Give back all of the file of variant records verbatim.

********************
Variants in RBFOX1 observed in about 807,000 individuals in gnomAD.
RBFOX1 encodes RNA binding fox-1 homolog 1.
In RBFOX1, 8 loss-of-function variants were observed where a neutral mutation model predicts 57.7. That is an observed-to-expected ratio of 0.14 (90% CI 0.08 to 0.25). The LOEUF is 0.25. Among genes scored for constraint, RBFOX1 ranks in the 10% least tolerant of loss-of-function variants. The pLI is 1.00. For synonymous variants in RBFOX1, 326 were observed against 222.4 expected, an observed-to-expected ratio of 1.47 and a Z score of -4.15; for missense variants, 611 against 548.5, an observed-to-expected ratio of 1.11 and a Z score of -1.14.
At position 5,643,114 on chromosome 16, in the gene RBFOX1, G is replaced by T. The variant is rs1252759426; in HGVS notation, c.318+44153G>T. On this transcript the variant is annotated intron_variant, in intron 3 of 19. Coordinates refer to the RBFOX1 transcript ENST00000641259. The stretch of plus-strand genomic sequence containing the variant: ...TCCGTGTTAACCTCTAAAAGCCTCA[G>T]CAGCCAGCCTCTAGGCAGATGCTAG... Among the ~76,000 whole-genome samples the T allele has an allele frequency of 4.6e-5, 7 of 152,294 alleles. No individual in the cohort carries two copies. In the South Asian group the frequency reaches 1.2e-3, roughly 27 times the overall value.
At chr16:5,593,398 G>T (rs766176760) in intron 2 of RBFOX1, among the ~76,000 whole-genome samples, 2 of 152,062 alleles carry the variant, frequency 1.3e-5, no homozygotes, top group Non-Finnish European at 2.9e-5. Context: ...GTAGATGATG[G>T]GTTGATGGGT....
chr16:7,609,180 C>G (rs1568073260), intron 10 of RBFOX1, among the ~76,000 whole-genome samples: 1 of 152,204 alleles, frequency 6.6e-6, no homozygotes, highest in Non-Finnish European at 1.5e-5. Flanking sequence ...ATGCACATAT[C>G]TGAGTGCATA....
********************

Variants in RBFOX1 observed in about 807,000 individuals in gnomAD.
RBFOX1 encodes RNA binding fox-1 homolog 1.
In RBFOX1, 8 loss-of-function variants were observed where a neutral mutation model predicts 57.7. That is an observed-to-expected ratio of 0.14 (90% CI 0.08 to 0.25). The LOEUF is 0.25. Among genes scored for constraint, RBFOX1 ranks in the 10% least tolerant of loss-of-function variants. The pLI is 1.00. For synonymous variants in RBFOX1, 326 were observed against 222.4 expected, an observed-to-expected ratio of 1.47 and a Z score of -4.15; for missense variants, 611 against 548.5, an observed-to-expected ratio of 1.11 and a Z score of -1.14.
At position 5,643,114 on chromosome 16, in the gene RBFOX1, G is replaced by T. The variant is rs1252759426; in HGVS notation, c.318+44153G>T. On this transcript the variant is annotated intron_variant, in intron 3 of 19. Coordinates refer to the RBFOX1 transcript ENST00000641259. The stretch of plus-strand genomic sequence containing the variant: ...TCCGTGTTAACCTCTAAAAGCCTCA[G>T]CAGCCAGCCTCTAGGCAGATGCTAG... Among the ~76,000 whole-genome samples the T allele has an allele frequency of 4.6e-5, 7 of 152,294 alleles. No individual in the cohort carries two copies. In the South Asian group the frequency reaches 1.2e-3, roughly 27 times the overall value.
At chr16:5,593,398 G>T (rs766176760) in intron 2 of RBFOX1, among the ~76,000 whole-genome samples, 2 of 152,062 alleles carry the variant, frequency 1.3e-5, no homozygotes, top group Non-Finnish European at 2.9e-5. Context: ...GTAGATGATG[G>T]GTTGATGGGT....
chr16:7,609,180 C>G (rs1568073260), intron 10 of RBFOX1, among the ~76,000 whole-genome samples: 1 of 152,204 alleles, frequency 6.6e-6, no homozygotes, highest in Non-Finnish European at 1.5e-5. Flanking sequence ...ATGCACATAT[C>G]TGAGTGCATA....